. Laurence E. Musgrove, “Mystery and Humility in General Education,” The Chronicle of Higher Education, Volume 54, Issue 36.
. Debra Rienstra, “The Work of our Hands: Serving God and Others,” in her So Much More: An Invitation to Christian Spirituality.
. Tim Stafford, “Who is an Activist?” in his Shaking the System: What I Learned from the Great American Reform Movements.
. Brian Walsh and Steven Bouma-Prediger, “Education for Homelessness or Homemaking? The Christian College in a Postmodern Culture,” Christian Scholar’s Review, Spring 2003.
. Nicholas Wolterstorff, “The Mission of the Christian College at the End of the Twentieth Century,” in his Educating for Shalom: Essays on Christian Higher Education (1983, 2004).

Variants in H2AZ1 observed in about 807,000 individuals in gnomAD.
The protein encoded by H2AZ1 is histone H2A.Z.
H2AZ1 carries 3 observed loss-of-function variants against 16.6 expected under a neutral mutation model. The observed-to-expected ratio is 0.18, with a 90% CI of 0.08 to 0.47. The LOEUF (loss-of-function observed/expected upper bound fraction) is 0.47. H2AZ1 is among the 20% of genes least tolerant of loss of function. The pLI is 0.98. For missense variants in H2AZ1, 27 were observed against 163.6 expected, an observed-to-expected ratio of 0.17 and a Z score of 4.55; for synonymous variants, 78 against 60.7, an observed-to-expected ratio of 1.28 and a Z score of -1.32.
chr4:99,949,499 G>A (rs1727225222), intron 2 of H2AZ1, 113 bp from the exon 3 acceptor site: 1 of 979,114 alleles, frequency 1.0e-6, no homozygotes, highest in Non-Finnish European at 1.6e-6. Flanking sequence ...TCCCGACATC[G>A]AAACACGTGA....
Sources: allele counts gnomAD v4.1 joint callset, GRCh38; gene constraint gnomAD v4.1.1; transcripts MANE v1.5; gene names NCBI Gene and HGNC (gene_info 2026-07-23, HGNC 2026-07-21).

Acknowledgments: In addition to the mentors already mentioned above, a big thank-you to Clinton Stockwell of the Chicago Semester, Jeffrey Bouman of Calvin College, John von Heyking of the University of Lethbridge, Gayne John Anacker of California Baptist University, Gregory Bloomquist of Saint Paul University and Augustine College, Tim Shah of the Council on Foreign Relations and the Institute on Culture, Religion and World Affairs at Boston University, Shirley Roels of Calvin College, Mark VanderWerf of Calvin Christian School (San Marcos, Calif.), Harvey Goossen of Woodland Christian High School, Gloria Stronks of Worldwide Christian Schools and Calvin College, Eric Teoro of Lincoln Christian College, Greg Carmer of Gordon College, Charles Veenstra of Dordt College, Ricard Wikkerink of Redeemer University College, Drew Trotter of the Center for Christian Study, Joanna Balda, Eric Miller of Geneva College, Pete Lackey of the MacLaurin Institute, and Todd Steen of Hope College.